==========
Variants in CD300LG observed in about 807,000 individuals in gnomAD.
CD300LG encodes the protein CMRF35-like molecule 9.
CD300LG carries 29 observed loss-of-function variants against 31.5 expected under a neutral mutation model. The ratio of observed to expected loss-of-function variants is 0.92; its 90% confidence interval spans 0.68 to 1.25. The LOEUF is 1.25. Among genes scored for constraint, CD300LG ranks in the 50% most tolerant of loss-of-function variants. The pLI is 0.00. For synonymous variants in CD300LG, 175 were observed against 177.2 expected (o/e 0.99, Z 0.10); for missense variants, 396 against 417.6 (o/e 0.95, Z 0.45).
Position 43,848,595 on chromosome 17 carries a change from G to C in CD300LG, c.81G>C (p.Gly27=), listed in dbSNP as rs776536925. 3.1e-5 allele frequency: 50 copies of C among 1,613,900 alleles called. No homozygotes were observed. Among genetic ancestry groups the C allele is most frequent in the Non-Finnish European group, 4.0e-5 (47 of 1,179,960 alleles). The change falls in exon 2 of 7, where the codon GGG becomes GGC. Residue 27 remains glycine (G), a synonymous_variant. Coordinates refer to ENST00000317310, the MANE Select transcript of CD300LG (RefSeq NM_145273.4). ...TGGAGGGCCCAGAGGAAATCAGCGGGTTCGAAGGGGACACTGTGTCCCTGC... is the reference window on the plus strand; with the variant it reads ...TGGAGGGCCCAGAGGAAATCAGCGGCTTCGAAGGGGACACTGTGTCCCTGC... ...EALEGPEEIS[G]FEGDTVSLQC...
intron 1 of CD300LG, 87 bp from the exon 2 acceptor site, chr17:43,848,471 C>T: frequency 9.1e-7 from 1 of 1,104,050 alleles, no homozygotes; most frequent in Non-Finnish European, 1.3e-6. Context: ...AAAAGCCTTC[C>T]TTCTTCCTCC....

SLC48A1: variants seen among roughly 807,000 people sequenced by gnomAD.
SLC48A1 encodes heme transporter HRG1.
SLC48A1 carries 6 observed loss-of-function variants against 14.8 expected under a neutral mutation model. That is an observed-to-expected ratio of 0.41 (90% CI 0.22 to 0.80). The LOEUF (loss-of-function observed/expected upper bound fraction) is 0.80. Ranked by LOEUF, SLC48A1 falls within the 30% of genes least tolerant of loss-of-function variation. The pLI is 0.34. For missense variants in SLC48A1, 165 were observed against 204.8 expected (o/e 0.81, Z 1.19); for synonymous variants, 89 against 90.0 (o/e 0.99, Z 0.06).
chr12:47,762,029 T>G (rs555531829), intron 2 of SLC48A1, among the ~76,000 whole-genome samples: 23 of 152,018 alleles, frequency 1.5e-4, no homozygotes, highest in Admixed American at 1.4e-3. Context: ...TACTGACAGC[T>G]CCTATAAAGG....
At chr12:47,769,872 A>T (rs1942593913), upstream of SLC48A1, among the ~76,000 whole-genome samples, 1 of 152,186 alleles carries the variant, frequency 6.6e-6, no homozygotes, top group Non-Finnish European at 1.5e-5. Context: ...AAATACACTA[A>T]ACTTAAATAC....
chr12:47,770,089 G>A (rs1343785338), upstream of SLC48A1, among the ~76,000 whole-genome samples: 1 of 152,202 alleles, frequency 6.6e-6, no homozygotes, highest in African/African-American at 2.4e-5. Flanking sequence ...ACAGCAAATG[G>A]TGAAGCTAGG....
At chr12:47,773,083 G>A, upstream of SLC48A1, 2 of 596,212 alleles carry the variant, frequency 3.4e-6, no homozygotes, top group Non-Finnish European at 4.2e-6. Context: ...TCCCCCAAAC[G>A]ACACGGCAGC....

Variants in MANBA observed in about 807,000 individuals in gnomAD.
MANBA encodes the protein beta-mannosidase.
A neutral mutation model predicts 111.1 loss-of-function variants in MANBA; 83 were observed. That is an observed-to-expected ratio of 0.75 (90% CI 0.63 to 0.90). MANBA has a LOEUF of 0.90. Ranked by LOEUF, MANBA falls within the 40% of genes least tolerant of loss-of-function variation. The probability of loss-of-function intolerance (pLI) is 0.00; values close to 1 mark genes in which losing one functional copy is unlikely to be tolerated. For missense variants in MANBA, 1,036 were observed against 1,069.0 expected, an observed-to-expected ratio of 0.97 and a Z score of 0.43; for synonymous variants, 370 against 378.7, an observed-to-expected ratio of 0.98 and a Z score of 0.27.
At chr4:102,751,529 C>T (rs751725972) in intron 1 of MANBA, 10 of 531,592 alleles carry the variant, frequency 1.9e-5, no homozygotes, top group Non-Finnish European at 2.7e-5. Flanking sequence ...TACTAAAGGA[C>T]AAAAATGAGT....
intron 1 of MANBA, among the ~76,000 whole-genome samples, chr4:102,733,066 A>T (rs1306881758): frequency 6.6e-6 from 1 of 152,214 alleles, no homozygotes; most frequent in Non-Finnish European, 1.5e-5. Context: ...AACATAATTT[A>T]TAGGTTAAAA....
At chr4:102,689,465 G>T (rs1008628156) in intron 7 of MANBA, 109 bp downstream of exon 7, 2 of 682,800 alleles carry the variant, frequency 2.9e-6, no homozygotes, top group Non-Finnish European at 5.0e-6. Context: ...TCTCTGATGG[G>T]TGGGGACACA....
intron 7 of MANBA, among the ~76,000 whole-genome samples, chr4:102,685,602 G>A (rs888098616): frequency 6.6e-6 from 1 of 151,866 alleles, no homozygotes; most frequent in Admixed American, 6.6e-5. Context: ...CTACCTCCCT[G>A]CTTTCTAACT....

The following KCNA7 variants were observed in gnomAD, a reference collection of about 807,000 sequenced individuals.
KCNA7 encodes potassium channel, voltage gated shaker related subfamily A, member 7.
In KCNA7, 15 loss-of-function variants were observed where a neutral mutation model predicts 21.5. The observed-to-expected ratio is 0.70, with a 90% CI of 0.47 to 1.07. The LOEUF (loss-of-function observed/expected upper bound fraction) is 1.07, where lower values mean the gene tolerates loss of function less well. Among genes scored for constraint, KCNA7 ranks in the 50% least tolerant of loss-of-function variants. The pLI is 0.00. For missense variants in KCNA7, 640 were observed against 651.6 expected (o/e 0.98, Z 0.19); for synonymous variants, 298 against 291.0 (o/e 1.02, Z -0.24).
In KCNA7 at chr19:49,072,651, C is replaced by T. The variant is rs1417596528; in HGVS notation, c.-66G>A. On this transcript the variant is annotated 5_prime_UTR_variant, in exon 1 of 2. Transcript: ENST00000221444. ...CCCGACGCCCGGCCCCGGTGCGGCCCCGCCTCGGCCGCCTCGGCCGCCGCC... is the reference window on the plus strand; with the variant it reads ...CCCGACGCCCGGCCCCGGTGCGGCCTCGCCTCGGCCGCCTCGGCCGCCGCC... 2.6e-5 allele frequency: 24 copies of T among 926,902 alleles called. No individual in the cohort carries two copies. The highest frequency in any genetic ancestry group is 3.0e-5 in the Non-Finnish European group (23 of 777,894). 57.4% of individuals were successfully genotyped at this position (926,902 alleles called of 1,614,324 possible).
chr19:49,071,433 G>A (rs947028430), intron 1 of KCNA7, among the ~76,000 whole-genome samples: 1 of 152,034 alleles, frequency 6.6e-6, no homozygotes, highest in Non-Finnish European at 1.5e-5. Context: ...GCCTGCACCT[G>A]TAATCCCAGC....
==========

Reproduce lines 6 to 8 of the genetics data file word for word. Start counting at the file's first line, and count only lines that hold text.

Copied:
SLC48A1: variants seen among roughly 807,000 people sequenced by gnomAD.
SLC48A1 encodes heme transporter HRG1.
SLC48A1 carries 6 observed loss-of-function variants against 14.8 expected under a neutral mutation model. That is an observed-to-expected ratio of 0.41 (90% CI 0.22 to 0.80). The LOEUF (loss-of-function observed/expected upper bound fraction) is 0.80. Ranked by LOEUF, SLC48A1 falls within the 30% of genes least tolerant of loss-of-function variation. The pLI is 0.34. For missense variants in SLC48A1, 165 were observed against 204.8 expected (o/e 0.81, Z 1.19); for synonymous variants, 89 against 90.0 (o/e 0.99, Z 0.06).